Nevada is a western U.S. state defined by its great expanses of desert, and by the 24-hour casinos and entertainment for which its largest city, Las Vegas, is famed. Las Vegas is home to elaborate theme hotels and luxury resorts that line its main thoroughfare, the Las Vegas Strip. The city’s also home to museums such as the Mob Museum, extravagant live shows and upscale shopping malls and restaurants.
Nevada is the 7th most extensive, the 34th most populous, and the 9th least densely populated of the 50 United States. Nearly three-quarters of Nevada’s people live in Clark County, which contains the Las Vegas–Paradise metropolitan area where three of the state’s four largest incorporated cities are located. Nevada’s capital is Carson City. Nevada is officially known as the “Silver State” because of the importance of silver to its history and economy. It is also known as the “Battle Born State”, because it achieved statehood during the Civil War (the words “Battle Born” also appear on the state flag); as the “Sage-brush State”, for the native plant of the same name; and as the “Sage-hen State”. Nevada borders Oregon to the northwest, Idaho to the northeast, California to the west, Arizona to the southeast and Utah to the east.
Nevada is largely desert and semi-arid, much of it located within the Great Basin. Areas south of the Great Basin are located within the Mojave Desert, while Lake Tahoe and the Sierra Nevada lie on the western edge. About 86% of the state’s land is managed by various jurisdictions of the U.S. federal government, both civilian and military.
The first Europeans to explore the region were Spanish. They called the region Nevada (snowy) because of the snow which covered the mountains in winter. The area formed part of the Viceroyalty of New Spain, and became part of Mexico when it gained independence in 1821. The United States annexed the area in 1848 after its victory in the Mexican–American War, and it was incorporated as part of Utah Territory in 1850. The discovery of silver at the Comstock Lode in 1859 led to a population boom that became an impetus to the creation of Nevada Territory out of western Utah Territory in 1861. Nevada became the 36th state on October 31, 1864, as the second of two states added to the Union during the Civil War (the first being West Virginia).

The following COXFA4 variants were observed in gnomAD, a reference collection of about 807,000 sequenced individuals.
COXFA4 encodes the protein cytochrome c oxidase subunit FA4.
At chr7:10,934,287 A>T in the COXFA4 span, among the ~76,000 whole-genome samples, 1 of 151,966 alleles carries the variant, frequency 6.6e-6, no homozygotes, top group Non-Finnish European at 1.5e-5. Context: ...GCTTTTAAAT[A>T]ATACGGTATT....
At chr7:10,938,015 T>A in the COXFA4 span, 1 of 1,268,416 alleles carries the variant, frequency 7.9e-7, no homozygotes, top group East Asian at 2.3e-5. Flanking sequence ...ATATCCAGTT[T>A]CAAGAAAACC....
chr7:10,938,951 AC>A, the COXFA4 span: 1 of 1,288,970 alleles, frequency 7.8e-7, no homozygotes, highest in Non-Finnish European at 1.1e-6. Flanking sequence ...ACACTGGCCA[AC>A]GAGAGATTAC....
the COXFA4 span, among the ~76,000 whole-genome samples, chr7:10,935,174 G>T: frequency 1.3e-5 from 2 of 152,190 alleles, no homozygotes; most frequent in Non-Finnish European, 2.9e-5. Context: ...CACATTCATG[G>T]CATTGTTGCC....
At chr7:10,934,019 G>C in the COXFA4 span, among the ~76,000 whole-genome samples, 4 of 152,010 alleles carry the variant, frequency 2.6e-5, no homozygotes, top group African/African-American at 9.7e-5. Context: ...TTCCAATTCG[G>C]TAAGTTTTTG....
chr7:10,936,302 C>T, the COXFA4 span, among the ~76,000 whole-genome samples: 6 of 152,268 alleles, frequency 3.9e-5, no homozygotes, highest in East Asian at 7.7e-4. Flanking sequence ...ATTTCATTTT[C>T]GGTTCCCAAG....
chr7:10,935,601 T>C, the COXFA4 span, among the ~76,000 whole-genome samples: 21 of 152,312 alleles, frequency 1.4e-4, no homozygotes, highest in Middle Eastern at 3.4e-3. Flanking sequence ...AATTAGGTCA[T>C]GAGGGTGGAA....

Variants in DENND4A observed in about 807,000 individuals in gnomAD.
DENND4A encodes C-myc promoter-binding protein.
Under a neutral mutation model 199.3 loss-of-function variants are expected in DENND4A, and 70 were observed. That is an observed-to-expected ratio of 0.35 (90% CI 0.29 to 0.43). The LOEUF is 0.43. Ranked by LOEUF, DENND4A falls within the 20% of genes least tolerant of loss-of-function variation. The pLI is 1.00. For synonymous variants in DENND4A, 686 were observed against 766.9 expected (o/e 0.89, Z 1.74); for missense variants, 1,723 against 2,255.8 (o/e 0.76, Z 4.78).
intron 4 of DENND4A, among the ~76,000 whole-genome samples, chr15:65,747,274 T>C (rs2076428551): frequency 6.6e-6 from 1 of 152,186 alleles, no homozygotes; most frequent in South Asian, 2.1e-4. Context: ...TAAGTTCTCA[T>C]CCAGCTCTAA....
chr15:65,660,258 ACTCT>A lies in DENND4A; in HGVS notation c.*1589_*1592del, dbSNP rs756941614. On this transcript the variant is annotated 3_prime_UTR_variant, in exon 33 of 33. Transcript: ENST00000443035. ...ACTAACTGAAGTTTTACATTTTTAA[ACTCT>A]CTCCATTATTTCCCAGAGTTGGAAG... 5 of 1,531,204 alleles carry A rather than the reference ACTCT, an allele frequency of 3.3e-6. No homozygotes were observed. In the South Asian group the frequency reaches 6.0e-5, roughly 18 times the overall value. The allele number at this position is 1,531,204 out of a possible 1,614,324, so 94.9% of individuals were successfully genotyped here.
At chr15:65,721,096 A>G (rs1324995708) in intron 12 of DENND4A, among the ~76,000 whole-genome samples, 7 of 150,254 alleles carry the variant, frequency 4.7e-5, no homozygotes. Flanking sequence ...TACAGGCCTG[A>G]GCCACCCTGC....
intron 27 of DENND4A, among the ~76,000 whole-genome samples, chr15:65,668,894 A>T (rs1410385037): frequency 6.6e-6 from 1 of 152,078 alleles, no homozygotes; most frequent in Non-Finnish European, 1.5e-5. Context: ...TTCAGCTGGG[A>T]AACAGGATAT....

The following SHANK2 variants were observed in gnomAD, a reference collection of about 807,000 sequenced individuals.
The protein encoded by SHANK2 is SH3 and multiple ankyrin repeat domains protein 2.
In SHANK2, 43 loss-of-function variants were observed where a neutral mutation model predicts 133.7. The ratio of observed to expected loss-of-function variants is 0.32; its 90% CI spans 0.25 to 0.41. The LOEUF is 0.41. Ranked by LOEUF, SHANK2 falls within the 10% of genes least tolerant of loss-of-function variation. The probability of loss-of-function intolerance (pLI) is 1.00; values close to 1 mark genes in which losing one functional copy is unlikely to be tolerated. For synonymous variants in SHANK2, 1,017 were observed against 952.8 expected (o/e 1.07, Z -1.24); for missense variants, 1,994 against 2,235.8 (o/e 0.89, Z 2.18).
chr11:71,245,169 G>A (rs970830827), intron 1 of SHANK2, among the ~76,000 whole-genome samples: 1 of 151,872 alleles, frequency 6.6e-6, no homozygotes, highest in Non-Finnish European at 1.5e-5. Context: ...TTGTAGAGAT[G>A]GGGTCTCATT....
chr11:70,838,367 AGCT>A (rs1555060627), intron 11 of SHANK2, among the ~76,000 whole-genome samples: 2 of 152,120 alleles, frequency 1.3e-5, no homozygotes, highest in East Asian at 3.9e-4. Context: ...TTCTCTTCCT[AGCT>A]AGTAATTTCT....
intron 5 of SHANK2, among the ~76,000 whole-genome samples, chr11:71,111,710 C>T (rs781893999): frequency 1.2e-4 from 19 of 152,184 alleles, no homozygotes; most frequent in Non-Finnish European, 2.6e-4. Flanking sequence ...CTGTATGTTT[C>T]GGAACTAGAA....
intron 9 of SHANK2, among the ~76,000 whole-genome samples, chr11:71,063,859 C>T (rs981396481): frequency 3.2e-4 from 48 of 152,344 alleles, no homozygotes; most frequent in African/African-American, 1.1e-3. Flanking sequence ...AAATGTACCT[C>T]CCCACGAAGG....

Nevada has a reputation for its libertarian laws. In 1940, with a population of just over 110,000 people, Nevada was by far the least-populated state, with less than half the population of the next least-populated state. However, legalized gambling and lenient marriage and divorce laws transformed Nevada into a major tourist destination in the 20th century. Nevada is the only U.S. state where prostitution is legal, though it is illegal in Clark County (Las Vegas), Washoe County (Reno) and Carson City (which, as an independent city, is not within the boundaries of any county). The tourism industry remains Nevada’s largest employer, with mining continuing as a substantial sector of the economy: Nevada is the fourth-largest producer of gold in the world. To learn more about the great state of Nevada click here
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